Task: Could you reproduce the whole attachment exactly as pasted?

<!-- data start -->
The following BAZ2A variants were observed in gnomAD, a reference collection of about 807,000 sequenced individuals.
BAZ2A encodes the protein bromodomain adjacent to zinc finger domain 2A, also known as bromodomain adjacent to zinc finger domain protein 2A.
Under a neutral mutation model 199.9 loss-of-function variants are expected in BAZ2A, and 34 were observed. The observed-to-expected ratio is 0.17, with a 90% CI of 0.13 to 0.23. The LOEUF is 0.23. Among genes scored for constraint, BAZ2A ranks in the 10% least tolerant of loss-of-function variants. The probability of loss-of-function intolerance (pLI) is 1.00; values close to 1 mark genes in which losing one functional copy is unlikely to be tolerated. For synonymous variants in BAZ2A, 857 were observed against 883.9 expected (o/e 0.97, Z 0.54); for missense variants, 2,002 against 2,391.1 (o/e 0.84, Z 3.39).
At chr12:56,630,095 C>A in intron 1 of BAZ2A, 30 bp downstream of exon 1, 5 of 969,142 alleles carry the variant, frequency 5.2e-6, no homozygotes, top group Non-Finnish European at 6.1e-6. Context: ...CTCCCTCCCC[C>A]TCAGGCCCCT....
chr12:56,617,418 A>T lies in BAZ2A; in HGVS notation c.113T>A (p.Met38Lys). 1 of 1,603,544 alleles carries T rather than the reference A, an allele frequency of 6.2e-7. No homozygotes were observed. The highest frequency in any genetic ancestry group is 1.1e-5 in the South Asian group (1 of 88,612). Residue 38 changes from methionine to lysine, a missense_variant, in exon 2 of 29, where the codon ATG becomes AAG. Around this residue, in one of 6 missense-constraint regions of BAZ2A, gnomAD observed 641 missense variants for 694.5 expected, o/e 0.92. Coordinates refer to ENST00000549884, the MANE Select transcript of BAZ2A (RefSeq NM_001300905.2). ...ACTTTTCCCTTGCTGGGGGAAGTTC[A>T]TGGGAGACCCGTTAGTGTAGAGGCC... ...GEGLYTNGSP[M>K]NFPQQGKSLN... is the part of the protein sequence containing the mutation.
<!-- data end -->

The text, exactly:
The following BAZ2A variants were observed in gnomAD, a reference collection of about 807,000 sequenced individuals.
BAZ2A encodes the protein bromodomain adjacent to zinc finger domain 2A, also known as bromodomain adjacent to zinc finger domain protein 2A.
Under a neutral mutation model 199.9 loss-of-function variants are expected in BAZ2A, and 34 were observed. The observed-to-expected ratio is 0.17, with a 90% CI of 0.13 to 0.23. The LOEUF is 0.23. Among genes scored for constraint, BAZ2A ranks in the 10% least tolerant of loss-of-function variants. The probability of loss-of-function intolerance (pLI) is 1.00; values close to 1 mark genes in which losing one functional copy is unlikely to be tolerated. For synonymous variants in BAZ2A, 857 were observed against 883.9 expected (o/e 0.97, Z 0.54); for missense variants, 2,002 against 2,391.1 (o/e 0.84, Z 3.39).
At chr12:56,630,095 C>A in intron 1 of BAZ2A, 30 bp downstream of exon 1, 5 of 969,142 alleles carry the variant, frequency 5.2e-6, no homozygotes, top group Non-Finnish European at 6.1e-6. Context: ...CTCCCTCCCC[C>A]TCAGGCCCCT....
chr12:56,617,418 A>T lies in BAZ2A; in HGVS notation c.113T>A (p.Met38Lys). 1 of 1,603,544 alleles carries T rather than the reference A, an allele frequency of 6.2e-7. No homozygotes were observed. The highest frequency in any genetic ancestry group is 1.1e-5 in the South Asian group (1 of 88,612). Residue 38 changes from methionine to lysine, a missense_variant, in exon 2 of 29, where the codon ATG becomes AAG. Around this residue, in one of 6 missense-constraint regions of BAZ2A, gnomAD observed 641 missense variants for 694.5 expected, o/e 0.92. Coordinates refer to ENST00000549884, the MANE Select transcript of BAZ2A (RefSeq NM_001300905.2). ...ACTTTTCCCTTGCTGGGGGAAGTTC[A>T]TGGGAGACCCGTTAGTGTAGAGGCC... ...GEGLYTNGSP[M>K]NFPQQGKSLN... is the part of the protein sequence containing the mutation.